Non-native plants or animals that have the tendency to spread and cause damage
Invasive species are non-native species that have the tendency to spread and cause damage to the environment, economy, or health. These species are typically introduced by humans outside of their natural distribution intentionally or by accident. As non-native (also referred to as “exotic” or “alien” species, or more conversationally as “weeds”), they may not have natural controls on their distribution, such as predators, and will gain a competitive advantage over peer species to dominate an area. When such disruptions occur, it can reduce ecosystem biodiversity, decrease ecosystem stability, and have dramatic and sometimes rapid transformative effects on landscapes. See full Wikipedia entry here.
Classic examples of invasive species include:
Spartina alterniflora: This cordgrass native to North America, was introduced to China along coastal mudflats in the 1990’s to control erosion. It out-competed local grass species almost entirely, and spread quickly over hundreds of square miles of beach and estuarine habitats.
Cane Toad: This voracious insectivore was introduced to Australia in 1935 to help control beetle populations that were damaging crops. The toads – which are poisonous to pets and other animals – have expanded into the millions throughout Australia and beyond, causing stress on the ecosystem by and reducing food sources for other insectivores.
On LandTalk, observers often note the presence of invasive species in their backyards and in recreational areas. Observers identify several impacts, including reducing human safety, disrupting or shutting down recreational activities, reducing the sense of beauty, and increasing the effort required to maintain a landscape.
3:03 “One of the problems actually was like an invasive species and this was in lake Austin that had come in, and I’m not sure if this was directly correlated with the drought but it was happening at the exact same time. I think it was called hydrilla or duckweed and it was a problem because it would grow really big and it was really like a thick leafy, like underwater plant and it would like get caught in boat propellers and also people swimming, it would like get caught around their legs. And so it was a safety hazard.”
Lake Travis, Austin, Texas, USA: In this video, Chris Fernandez, a resident of Austin, talks about the change in water levels at Lake Travis, a beautiful, lively lake to the northwest of Austin. Chris talks about the horrible drought that affected southern Texas when he was in junior high and high school.
1:35 “Well, in the late 70s, they believe someone dumped a personal aquarium into the lake, which caused the growth of a very invasive weed called Hydrilla. And the weed was so feared that they worried it would spread to all the other reservoirs and waterways in San Diego. So, they completely shut down Lake Murray, and it was shut down for all recreational activities. It was shut down as a, you know, beautiful, pristine reservoir, and it was just neglected and closed up. They closed gates for entrance. You couldn’t even jog around it anymore.”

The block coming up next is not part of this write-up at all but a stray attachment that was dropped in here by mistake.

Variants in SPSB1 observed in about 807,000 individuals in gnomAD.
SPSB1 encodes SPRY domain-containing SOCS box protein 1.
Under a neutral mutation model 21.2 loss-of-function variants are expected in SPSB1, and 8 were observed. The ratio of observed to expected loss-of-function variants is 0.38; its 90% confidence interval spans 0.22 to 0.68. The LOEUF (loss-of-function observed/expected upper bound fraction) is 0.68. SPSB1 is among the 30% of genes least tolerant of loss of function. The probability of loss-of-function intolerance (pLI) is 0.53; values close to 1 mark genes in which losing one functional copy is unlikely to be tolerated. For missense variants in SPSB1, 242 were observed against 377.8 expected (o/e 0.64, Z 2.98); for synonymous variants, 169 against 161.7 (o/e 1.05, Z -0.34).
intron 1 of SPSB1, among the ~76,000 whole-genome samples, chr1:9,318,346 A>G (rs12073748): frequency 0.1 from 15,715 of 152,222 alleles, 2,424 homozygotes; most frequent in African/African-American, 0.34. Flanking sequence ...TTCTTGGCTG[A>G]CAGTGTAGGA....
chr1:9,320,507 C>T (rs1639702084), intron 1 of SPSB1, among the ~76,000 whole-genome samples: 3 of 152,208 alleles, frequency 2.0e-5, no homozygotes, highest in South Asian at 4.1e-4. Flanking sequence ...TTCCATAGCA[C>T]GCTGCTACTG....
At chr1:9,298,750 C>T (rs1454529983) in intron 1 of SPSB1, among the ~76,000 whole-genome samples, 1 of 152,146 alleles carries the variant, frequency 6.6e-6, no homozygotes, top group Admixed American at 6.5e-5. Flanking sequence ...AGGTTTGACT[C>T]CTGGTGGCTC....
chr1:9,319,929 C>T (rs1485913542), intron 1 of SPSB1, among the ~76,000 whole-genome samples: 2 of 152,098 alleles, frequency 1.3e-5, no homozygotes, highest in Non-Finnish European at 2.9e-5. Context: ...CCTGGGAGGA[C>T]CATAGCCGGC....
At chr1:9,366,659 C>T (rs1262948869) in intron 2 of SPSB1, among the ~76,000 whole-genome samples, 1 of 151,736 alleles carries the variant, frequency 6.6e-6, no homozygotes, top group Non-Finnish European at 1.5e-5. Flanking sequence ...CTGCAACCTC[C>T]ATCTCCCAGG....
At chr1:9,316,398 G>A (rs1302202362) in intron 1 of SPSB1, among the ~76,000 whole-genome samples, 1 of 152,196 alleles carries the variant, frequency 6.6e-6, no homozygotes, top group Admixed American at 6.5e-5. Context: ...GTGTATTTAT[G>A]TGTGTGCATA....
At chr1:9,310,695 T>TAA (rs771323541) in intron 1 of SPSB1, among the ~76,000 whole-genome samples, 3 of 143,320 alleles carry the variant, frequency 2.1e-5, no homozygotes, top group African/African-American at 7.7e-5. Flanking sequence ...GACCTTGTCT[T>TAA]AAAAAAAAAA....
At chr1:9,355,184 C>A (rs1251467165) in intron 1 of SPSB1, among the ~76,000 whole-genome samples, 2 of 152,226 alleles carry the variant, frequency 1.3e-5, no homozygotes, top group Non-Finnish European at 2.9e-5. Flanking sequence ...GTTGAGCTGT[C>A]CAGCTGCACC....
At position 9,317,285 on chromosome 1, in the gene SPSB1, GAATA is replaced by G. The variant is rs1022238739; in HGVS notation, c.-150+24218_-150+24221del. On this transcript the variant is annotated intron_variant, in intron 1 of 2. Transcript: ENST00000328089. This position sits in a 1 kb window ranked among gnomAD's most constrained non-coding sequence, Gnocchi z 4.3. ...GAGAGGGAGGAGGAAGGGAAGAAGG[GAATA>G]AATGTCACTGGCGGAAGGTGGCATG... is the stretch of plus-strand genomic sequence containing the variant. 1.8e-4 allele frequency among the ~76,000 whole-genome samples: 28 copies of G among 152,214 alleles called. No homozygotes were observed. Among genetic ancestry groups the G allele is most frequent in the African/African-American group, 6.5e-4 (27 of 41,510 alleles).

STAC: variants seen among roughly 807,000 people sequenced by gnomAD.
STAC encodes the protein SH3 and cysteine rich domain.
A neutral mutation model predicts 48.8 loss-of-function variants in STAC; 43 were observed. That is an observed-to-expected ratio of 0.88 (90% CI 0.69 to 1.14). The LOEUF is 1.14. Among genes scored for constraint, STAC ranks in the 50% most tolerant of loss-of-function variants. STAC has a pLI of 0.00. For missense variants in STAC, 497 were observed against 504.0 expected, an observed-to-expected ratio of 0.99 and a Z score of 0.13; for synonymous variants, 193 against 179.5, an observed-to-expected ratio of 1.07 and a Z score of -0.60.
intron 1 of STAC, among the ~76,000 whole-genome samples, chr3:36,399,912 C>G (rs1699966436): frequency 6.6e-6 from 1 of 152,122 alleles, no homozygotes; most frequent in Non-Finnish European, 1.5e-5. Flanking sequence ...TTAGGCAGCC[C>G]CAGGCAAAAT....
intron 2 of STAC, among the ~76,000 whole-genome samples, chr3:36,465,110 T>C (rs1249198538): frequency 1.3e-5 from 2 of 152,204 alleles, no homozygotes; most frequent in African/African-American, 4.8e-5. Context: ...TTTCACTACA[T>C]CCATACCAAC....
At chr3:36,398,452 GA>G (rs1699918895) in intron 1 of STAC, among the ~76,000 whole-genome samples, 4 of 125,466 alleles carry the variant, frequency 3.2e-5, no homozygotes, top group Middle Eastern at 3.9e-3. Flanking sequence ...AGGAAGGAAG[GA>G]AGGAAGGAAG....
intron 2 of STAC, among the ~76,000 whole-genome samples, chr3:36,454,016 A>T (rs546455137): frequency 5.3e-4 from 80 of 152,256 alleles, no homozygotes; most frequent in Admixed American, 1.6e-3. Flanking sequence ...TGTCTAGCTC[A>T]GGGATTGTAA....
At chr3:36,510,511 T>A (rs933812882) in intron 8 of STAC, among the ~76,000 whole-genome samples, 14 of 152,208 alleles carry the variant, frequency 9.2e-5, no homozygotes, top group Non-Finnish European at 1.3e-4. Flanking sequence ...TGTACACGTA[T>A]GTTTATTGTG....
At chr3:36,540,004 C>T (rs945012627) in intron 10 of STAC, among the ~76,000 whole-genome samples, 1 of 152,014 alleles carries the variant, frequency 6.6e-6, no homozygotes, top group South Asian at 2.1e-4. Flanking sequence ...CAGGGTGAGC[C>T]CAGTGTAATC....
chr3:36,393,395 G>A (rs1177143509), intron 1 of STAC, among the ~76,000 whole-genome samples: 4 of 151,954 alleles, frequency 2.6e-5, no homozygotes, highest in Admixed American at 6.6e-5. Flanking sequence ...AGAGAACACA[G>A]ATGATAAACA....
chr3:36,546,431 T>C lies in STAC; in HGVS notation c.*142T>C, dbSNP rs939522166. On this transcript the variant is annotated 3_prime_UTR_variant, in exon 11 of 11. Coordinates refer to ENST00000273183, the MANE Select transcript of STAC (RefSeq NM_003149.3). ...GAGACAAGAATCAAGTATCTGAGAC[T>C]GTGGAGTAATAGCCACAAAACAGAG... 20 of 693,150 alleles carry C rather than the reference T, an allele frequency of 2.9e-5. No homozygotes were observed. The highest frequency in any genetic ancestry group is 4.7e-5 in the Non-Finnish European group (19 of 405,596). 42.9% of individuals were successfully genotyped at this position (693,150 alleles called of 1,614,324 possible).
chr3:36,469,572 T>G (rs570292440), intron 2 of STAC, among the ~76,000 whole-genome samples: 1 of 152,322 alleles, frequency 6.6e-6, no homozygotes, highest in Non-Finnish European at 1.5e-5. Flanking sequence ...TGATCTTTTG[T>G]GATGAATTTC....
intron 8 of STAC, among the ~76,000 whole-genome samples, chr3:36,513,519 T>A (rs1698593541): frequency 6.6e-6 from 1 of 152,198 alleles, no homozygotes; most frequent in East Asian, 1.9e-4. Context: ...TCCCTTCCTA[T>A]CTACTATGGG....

Lake Murray, La Mesa, California, USA: Lake Murray is a lake within San Diego County. It has been shut down for years, and I got my Mom's opinion on the issue. She has been a resident of this area for 40+ years.
Species: Ornamental ivys, creepers, and bamboo Impact: Effort to prevent spread
7:43 “Our town makes an effort to use native plants in landscaping, and they encourage people to, you know, plant trees, like they give a subsidy if your tree falls down to plant another one. So there’s a lot of beautiful, both native plants and like cultivated plants, but there’s also a lot of things like poison ivy and English ivy and Virginia creeper and bamboo, which are more invasive species that were fashionable to plant in the ’30s. And I wish they never had because I’m still yanking them up to this day.”
University Park, Maryland, USA: My mother describes how commercial development and other factors have made living in the University Park area easier. Furthermore, she discusses the influence of American and foreign students at the University of Maryland as well as of urban development and the introduction of bird diseases in the past twenty years and invasive plants in the past ninety.
Species: Exotic plants Impact: Presumed effect on native plants
1:41 “You know, we’ve also seen kind of a rise in home prices in the area. Change of flora in the area. As more people are moving in, spending more on their houses, they’re bringing in more exotic plants that could certainly be affecting the local surrounding landscape.”
Canyon Lake, California, USA: The audio highlighted the changes to the region, which were primarily a result of popularity and increased human population. The city became a bigger hotspot for young people wanting to get into watersports, which changed the average age and property value of living in the city. With that, changes like more people and infrastructure resulted. However, some of the main strains remained the same, such as the local small wildlife.